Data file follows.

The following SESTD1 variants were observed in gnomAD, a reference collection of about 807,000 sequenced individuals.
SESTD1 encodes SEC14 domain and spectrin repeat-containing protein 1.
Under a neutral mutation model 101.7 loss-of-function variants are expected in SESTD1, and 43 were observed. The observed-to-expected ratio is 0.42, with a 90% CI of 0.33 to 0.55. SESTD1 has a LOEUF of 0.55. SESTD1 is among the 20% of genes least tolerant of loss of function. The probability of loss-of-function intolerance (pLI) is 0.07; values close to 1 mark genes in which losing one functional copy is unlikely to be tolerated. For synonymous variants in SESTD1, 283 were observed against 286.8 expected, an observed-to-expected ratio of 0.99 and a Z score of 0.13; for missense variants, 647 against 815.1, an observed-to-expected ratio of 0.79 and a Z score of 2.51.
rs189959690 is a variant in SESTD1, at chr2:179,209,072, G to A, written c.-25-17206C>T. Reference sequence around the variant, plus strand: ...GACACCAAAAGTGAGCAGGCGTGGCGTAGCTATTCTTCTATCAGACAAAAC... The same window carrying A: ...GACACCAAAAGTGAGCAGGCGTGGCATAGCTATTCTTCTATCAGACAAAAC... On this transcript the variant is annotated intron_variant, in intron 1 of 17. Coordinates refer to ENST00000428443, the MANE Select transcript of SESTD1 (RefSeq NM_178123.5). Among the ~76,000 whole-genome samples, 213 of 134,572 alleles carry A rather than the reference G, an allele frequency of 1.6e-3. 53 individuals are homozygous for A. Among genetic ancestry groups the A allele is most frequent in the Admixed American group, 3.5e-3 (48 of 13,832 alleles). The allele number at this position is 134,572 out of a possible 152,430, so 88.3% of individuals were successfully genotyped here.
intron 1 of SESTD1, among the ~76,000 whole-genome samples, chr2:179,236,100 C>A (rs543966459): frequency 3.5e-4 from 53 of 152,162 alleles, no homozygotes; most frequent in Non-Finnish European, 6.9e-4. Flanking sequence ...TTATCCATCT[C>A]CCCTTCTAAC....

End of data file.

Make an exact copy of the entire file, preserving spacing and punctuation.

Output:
The following SESTD1 variants were observed in gnomAD, a reference collection of about 807,000 sequenced individuals.
SESTD1 encodes SEC14 domain and spectrin repeat-containing protein 1.
Under a neutral mutation model 101.7 loss-of-function variants are expected in SESTD1, and 43 were observed. The observed-to-expected ratio is 0.42, with a 90% CI of 0.33 to 0.55. SESTD1 has a LOEUF of 0.55. SESTD1 is among the 20% of genes least tolerant of loss of function. The probability of loss-of-function intolerance (pLI) is 0.07; values close to 1 mark genes in which losing one functional copy is unlikely to be tolerated. For synonymous variants in SESTD1, 283 were observed against 286.8 expected, an observed-to-expected ratio of 0.99 and a Z score of 0.13; for missense variants, 647 against 815.1, an observed-to-expected ratio of 0.79 and a Z score of 2.51.
rs189959690 is a variant in SESTD1, at chr2:179,209,072, G to A, written c.-25-17206C>T. Reference sequence around the variant, plus strand: ...GACACCAAAAGTGAGCAGGCGTGGCGTAGCTATTCTTCTATCAGACAAAAC... The same window carrying A: ...GACACCAAAAGTGAGCAGGCGTGGCATAGCTATTCTTCTATCAGACAAAAC... On this transcript the variant is annotated intron_variant, in intron 1 of 17. Coordinates refer to ENST00000428443, the MANE Select transcript of SESTD1 (RefSeq NM_178123.5). Among the ~76,000 whole-genome samples, 213 of 134,572 alleles carry A rather than the reference G, an allele frequency of 1.6e-3. 53 individuals are homozygous for A. Among genetic ancestry groups the A allele is most frequent in the Admixed American group, 3.5e-3 (48 of 13,832 alleles). The allele number at this position is 134,572 out of a possible 152,430, so 88.3% of individuals were successfully genotyped here.
intron 1 of SESTD1, among the ~76,000 whole-genome samples, chr2:179,236,100 C>A (rs543966459): frequency 3.5e-4 from 53 of 152,162 alleles, no homozygotes; most frequent in Non-Finnish European, 6.9e-4. Flanking sequence ...TTATCCATCT[C>A]CCCTTCTAAC....